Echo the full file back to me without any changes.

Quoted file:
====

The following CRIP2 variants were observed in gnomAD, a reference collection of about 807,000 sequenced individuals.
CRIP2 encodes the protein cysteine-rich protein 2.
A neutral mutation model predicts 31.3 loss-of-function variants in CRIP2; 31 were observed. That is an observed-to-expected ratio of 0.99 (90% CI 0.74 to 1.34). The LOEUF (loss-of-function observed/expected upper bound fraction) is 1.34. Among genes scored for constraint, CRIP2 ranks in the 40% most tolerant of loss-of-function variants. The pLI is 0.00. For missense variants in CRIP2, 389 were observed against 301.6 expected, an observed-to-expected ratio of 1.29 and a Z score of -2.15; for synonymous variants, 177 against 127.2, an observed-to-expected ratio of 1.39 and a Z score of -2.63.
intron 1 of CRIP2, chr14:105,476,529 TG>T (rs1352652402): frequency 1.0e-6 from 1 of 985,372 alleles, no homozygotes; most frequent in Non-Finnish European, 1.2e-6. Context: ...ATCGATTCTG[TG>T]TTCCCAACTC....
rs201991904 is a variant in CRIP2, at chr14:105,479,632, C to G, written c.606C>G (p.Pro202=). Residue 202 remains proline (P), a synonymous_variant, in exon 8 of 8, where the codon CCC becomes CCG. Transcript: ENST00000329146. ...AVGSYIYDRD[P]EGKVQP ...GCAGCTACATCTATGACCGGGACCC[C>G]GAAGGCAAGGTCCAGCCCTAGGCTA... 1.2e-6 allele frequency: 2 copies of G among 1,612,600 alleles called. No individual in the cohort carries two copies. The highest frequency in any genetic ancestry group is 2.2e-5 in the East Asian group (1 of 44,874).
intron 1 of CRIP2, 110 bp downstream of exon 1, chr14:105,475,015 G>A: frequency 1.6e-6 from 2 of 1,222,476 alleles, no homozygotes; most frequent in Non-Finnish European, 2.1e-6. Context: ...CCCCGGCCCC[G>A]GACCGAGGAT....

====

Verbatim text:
The following CRIP2 variants were observed in gnomAD, a reference collection of about 807,000 sequenced individuals.
CRIP2 encodes the protein cysteine-rich protein 2.
A neutral mutation model predicts 31.3 loss-of-function variants in CRIP2; 31 were observed. That is an observed-to-expected ratio of 0.99 (90% CI 0.74 to 1.34). The LOEUF (loss-of-function observed/expected upper bound fraction) is 1.34. Among genes scored for constraint, CRIP2 ranks in the 40% most tolerant of loss-of-function variants. The pLI is 0.00. For missense variants in CRIP2, 389 were observed against 301.6 expected, an observed-to-expected ratio of 1.29 and a Z score of -2.15; for synonymous variants, 177 against 127.2, an observed-to-expected ratio of 1.39 and a Z score of -2.63.
intron 1 of CRIP2, chr14:105,476,529 TG>T (rs1352652402): frequency 1.0e-6 from 1 of 985,372 alleles, no homozygotes; most frequent in Non-Finnish European, 1.2e-6. Context: ...ATCGATTCTG[TG>T]TTCCCAACTC....
rs201991904 is a variant in CRIP2, at chr14:105,479,632, C to G, written c.606C>G (p.Pro202=). Residue 202 remains proline (P), a synonymous_variant, in exon 8 of 8, where the codon CCC becomes CCG. Transcript: ENST00000329146. ...AVGSYIYDRD[P]EGKVQP ...GCAGCTACATCTATGACCGGGACCC[C>G]GAAGGCAAGGTCCAGCCCTAGGCTA... 1.2e-6 allele frequency: 2 copies of G among 1,612,600 alleles called. No individual in the cohort carries two copies. The highest frequency in any genetic ancestry group is 2.2e-5 in the East Asian group (1 of 44,874).
intron 1 of CRIP2, 110 bp downstream of exon 1, chr14:105,475,015 G>A: frequency 1.6e-6 from 2 of 1,222,476 alleles, no homozygotes; most frequent in Non-Finnish European, 2.1e-6. Context: ...CCCCGGCCCC[G>A]GACCGAGGAT....